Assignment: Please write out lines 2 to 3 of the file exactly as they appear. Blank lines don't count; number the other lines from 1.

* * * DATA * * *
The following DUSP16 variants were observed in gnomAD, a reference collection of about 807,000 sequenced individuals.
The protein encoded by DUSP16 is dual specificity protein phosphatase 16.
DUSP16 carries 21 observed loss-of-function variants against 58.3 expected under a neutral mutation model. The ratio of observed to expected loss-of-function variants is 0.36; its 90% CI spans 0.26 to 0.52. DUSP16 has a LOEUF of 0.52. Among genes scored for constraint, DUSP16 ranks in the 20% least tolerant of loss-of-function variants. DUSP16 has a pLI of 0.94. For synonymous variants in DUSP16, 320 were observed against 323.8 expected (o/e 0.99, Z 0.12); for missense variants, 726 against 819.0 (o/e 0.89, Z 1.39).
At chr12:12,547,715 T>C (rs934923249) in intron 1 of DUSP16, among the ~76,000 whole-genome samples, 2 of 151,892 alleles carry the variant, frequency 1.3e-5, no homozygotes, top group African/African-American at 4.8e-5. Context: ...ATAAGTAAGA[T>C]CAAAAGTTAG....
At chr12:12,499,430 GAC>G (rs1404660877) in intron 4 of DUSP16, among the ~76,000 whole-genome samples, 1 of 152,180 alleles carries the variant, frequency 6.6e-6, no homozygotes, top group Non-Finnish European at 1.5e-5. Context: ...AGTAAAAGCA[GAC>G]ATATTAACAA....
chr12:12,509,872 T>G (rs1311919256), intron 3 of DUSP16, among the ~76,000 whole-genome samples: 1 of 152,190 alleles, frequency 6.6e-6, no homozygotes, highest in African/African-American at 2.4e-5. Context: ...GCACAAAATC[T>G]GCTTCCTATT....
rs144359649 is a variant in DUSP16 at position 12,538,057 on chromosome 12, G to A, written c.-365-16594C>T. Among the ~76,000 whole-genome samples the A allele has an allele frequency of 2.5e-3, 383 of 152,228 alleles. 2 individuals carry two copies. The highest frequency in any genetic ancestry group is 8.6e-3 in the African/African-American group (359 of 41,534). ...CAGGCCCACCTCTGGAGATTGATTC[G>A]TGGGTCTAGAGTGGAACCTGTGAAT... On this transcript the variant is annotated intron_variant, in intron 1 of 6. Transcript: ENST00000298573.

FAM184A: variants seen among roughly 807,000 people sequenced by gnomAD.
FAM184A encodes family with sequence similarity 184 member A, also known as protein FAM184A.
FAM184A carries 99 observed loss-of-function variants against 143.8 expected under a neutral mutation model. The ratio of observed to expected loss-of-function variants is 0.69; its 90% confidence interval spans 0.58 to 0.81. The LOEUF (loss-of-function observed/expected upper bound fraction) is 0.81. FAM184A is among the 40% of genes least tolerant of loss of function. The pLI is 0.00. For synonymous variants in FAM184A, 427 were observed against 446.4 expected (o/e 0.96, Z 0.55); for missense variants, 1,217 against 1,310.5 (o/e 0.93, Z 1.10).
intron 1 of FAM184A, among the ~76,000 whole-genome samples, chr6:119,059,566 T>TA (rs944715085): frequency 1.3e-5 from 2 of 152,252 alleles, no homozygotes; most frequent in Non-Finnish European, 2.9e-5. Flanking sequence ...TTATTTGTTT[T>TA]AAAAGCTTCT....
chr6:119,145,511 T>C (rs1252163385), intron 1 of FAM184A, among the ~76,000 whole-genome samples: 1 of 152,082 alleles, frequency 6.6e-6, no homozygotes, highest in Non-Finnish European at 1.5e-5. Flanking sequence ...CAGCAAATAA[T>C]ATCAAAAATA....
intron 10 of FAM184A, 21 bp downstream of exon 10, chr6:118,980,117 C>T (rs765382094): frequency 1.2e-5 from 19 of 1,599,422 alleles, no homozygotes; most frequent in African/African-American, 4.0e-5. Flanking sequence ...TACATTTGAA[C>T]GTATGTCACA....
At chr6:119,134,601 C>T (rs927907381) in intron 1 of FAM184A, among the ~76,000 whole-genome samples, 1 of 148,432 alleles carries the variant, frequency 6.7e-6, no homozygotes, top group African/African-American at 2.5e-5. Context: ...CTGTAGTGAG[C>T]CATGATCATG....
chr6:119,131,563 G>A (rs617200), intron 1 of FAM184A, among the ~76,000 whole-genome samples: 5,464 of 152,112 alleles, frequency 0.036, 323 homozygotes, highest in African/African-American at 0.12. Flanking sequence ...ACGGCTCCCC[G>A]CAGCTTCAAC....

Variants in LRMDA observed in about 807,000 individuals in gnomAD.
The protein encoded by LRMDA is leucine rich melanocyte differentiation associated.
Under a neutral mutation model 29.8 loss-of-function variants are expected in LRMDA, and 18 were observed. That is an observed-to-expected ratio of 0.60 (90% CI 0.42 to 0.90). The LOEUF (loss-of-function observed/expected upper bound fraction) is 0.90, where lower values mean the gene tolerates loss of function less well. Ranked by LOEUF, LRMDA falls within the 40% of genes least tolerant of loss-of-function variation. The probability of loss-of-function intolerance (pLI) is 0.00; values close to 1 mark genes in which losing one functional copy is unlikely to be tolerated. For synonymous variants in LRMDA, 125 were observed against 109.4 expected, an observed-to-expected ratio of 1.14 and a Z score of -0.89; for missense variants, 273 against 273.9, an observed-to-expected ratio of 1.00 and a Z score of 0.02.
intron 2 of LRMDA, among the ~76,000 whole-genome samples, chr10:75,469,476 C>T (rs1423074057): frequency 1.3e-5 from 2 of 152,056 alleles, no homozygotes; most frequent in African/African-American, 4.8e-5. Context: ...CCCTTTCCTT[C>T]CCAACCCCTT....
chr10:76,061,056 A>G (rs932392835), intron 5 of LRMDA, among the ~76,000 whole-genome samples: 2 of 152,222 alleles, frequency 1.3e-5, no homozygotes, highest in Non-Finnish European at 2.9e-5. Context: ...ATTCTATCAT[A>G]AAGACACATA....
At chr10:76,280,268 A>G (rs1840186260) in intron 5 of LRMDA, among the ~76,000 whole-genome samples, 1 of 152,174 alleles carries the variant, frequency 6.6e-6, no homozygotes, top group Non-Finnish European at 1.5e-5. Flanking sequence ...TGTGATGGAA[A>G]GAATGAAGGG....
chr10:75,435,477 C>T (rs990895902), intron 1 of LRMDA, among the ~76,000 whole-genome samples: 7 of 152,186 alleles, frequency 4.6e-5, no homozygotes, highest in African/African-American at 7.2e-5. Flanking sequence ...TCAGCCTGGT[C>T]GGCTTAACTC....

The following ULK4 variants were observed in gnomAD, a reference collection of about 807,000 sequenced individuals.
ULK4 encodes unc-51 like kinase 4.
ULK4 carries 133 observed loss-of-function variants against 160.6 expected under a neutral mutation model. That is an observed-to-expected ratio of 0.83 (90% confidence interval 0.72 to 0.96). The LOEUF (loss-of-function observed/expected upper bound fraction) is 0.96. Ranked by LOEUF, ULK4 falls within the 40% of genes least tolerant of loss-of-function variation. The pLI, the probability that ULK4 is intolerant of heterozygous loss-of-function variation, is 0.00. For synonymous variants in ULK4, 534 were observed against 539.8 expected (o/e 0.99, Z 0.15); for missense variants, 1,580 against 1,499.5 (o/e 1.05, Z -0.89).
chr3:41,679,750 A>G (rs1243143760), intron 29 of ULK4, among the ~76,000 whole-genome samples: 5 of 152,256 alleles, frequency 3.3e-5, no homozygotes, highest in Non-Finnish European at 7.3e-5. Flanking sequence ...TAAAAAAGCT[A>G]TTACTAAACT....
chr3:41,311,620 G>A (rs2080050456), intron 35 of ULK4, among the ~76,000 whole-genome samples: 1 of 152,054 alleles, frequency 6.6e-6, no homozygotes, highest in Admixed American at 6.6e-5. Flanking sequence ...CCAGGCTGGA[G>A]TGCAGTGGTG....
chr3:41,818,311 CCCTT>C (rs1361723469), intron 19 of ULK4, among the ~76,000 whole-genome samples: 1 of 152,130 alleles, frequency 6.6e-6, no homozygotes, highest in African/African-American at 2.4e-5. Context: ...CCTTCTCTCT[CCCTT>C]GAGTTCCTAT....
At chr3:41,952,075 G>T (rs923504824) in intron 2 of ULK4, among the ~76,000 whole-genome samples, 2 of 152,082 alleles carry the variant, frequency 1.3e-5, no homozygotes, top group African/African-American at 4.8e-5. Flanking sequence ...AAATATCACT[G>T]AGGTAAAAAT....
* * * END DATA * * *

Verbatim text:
The protein encoded by DUSP16 is dual specificity protein phosphatase 16.
DUSP16 carries 21 observed loss-of-function variants against 58.3 expected under a neutral mutation model. The ratio of observed to expected loss-of-function variants is 0.36; its 90% CI spans 0.26 to 0.52. DUSP16 has a LOEUF of 0.52. Among genes scored for constraint, DUSP16 ranks in the 20% least tolerant of loss-of-function variants. DUSP16 has a pLI of 0.94. For synonymous variants in DUSP16, 320 were observed against 323.8 expected (o/e 0.99, Z 0.12); for missense variants, 726 against 819.0 (o/e 0.89, Z 1.39).